2nd Sunday in Advent, 2013
Rev. Stephen E. Stults
St. Barnabas Anglican Church
December 8, 2013
Luke 21:25-27 “And there shall be signs in the sun, and in the moon, and in the stars; and upon the earth distress of nations, with perplexity; the sea and the waves roaring; 26 Men's hearts failing them for fear, and for looking after those things which are coming on the earth: for the powers of heaven shall be shaken. 27 And then shall they see the Son of man coming in a cloud with power and great glory.”
On the surface, it seems that we have an anomaly with this Sunday’s Gospel selection from St. Luke. Doesn’t it seem strange to have a Gospel reading that presages the end of time, with all its horrific events, at the beginning of the Church Year? At first glance, we think it does.
Please note, this particular passage is known as the “small apocalypse” of St. Luke. It echoes, in many details, the Apocalypse of St. John in the book of Revelations. Some commentators see it as a preview, if you will, of that book. Others, usually of a more modern interpretative persuasion, see this passage as foretelling the fall of Jerusalem in a.d. 70.[i] Honestly said, both interpretations have their value, and as if often the case with Biblical prophecy, it may very well be a case of “both and”, rather than merely “either-or.”
Still, at any rate, it may seem vaguely out-of-place. Certainly for this priest, prior to some heavy Biblical study, and some blessed enlightenment by the Holy Ghost, it certainly seemed that way for a long time.
Let’s briefly examine this passage and see why it actually has great significance for this Advent Season today and now, as well as for all Christians until the world’s end.
If one backs up a few verses in Ch. 21 of Luke, it begins with the disciples admiring the magnificence of the Temple, to which Christ replies that not one stone will be left upon another. To many students of the Bible, this reference clearly refers to the desolation of Jerusalem in 70 AD, and rightly so. The Temple was destroyed by the Romans, when they brought their leveling bars and turned Jerusalem into a pile of rubble after the revolt of 70 A.D.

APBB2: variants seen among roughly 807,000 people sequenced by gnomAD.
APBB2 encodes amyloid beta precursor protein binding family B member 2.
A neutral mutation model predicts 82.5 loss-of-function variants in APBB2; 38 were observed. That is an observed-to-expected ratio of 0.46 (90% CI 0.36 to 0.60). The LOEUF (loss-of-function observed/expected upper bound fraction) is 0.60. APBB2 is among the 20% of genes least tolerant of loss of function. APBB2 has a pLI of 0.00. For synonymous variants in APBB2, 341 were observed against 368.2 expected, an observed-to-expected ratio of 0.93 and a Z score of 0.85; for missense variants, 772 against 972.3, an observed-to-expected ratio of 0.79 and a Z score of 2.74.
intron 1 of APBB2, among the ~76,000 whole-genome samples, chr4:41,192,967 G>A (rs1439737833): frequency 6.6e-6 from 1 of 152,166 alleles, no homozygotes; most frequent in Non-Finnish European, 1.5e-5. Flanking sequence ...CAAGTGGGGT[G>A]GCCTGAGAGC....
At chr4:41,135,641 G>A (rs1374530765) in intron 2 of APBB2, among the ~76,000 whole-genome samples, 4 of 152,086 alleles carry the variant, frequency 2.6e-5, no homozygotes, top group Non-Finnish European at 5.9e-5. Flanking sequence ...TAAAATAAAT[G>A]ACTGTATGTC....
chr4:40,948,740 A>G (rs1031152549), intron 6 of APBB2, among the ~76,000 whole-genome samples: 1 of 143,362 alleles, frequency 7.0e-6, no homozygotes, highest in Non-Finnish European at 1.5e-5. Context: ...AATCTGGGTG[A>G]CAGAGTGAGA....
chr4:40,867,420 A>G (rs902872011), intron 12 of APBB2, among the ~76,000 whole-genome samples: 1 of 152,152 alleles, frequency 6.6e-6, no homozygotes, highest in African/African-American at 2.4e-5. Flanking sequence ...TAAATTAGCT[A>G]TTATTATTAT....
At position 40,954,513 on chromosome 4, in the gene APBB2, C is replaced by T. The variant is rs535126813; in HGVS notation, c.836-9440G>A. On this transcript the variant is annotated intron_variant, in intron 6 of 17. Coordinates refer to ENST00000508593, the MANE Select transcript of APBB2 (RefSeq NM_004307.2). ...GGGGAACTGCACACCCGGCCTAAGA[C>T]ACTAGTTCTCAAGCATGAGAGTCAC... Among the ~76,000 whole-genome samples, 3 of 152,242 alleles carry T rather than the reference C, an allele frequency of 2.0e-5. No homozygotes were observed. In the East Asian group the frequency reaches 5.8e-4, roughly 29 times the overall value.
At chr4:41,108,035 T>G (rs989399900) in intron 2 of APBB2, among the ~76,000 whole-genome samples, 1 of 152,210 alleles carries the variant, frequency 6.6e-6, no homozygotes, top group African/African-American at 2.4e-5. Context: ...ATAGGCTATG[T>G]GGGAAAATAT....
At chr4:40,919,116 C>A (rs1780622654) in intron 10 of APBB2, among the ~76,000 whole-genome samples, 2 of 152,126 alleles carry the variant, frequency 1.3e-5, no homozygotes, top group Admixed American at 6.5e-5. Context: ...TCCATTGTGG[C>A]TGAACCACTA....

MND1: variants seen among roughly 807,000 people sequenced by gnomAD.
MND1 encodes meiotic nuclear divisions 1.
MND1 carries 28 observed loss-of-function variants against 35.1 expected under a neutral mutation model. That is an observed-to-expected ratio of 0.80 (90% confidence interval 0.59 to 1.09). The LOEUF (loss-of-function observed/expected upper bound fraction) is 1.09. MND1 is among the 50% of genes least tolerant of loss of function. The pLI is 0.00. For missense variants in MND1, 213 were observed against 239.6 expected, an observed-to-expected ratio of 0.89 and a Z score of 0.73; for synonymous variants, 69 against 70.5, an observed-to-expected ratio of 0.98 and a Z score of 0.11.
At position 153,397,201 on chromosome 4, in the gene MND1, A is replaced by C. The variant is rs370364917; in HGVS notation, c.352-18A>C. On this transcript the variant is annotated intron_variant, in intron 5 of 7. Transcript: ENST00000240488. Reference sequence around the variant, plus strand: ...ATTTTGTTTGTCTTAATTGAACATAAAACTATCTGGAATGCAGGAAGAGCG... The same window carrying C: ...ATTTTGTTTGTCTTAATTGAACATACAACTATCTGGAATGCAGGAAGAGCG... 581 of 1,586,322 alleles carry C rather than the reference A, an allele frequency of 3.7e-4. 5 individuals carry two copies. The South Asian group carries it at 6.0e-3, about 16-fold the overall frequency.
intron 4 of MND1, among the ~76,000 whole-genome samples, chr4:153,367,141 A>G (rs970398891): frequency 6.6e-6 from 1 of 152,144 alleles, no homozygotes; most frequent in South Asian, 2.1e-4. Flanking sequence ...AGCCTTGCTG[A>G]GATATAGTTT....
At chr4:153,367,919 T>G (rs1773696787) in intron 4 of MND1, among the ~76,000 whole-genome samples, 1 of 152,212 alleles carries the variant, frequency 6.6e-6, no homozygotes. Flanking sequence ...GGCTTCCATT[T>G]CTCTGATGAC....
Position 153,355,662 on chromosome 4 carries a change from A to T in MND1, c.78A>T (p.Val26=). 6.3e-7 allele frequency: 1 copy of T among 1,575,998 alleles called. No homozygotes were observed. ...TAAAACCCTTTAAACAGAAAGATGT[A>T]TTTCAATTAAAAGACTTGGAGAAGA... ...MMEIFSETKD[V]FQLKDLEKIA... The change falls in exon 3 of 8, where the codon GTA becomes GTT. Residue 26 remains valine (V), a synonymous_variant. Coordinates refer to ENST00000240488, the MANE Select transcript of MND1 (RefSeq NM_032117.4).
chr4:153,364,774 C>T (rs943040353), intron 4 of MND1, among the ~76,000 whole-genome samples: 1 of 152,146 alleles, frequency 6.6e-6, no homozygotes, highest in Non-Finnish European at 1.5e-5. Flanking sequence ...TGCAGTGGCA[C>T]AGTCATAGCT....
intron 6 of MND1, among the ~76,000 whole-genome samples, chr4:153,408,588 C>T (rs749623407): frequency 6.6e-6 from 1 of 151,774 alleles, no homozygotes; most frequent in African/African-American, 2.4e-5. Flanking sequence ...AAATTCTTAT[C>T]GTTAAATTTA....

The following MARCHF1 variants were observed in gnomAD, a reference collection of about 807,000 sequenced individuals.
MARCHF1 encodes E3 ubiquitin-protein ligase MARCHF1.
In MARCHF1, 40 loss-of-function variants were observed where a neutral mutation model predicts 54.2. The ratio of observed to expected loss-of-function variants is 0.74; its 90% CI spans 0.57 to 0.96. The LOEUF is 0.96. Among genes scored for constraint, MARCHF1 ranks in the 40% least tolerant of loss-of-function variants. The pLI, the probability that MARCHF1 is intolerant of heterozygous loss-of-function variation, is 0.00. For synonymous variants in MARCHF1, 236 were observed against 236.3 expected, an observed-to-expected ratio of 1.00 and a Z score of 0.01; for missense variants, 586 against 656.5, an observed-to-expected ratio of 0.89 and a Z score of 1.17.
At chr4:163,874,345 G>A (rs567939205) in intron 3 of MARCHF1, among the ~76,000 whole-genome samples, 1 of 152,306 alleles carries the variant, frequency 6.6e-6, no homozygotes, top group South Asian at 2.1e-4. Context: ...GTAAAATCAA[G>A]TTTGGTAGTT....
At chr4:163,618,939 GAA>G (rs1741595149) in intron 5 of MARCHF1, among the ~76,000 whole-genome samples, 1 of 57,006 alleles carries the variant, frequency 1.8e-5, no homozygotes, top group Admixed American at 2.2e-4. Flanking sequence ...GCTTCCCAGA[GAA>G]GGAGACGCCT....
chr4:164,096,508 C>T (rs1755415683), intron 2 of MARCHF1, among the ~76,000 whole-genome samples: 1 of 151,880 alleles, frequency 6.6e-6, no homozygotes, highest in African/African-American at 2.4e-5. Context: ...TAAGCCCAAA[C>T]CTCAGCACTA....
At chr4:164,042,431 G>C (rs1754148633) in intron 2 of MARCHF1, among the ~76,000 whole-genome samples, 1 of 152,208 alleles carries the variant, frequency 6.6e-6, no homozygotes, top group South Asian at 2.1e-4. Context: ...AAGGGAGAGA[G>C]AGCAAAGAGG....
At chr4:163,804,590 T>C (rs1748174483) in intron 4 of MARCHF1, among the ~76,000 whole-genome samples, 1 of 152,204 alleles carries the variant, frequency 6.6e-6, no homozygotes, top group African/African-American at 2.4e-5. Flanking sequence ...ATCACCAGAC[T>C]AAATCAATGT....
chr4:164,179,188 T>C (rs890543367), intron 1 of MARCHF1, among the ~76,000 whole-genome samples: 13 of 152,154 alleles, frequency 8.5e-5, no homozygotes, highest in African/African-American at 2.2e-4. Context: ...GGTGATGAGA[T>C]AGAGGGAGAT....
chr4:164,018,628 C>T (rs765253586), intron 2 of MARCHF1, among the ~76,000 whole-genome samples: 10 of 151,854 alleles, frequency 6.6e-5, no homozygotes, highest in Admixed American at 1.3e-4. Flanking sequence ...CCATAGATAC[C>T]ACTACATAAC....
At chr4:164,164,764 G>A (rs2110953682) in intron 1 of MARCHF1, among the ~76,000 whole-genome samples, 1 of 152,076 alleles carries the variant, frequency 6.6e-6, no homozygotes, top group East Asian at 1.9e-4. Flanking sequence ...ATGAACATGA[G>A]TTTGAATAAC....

What is amazing is that Temple, although magnificent, was only a faint reflection of the truly amazing Temple of Solomon, which was considered one of the wonders of the ancient world, and, as we know from our Biblical history, was destroyed by the Babylonians under Nebuchadnezzar. At any rate, the disciples had to be amazed that Christ would make so amazing and dispiriting a prediction. They asked the obvious question, when will thing happen?
Jesus then gives a truly fearsome answer that many have thought to be about the end times, including a discussion of the Anti-Christ, wars and rumors of wars, nations against nations, and terrifying natural disasters. He also speaks of signs in the heavens, and persecution of Christians. Interesting, many of these things happen almost routinely in this fallen world. We have been experiencing some truly terrible natural disasters latterly, both abroad and in this country, with the recent tornadic activity, for example.
What sets Christ’s account of the end times apart from the routine effect of the curse under which the world labors, dating back to Adam and Eve, is the end result. After Christ describes the signs in the heavens, and the powers of heaven being shaken, he caps it with the announcement (Luke 21:27-28) ” And then shall they see the Son of man coming in a cloud with power and great glory. 28 And when these things begin to come to pass, then look up, and lift up your heads; for your redemption draweth nigh.”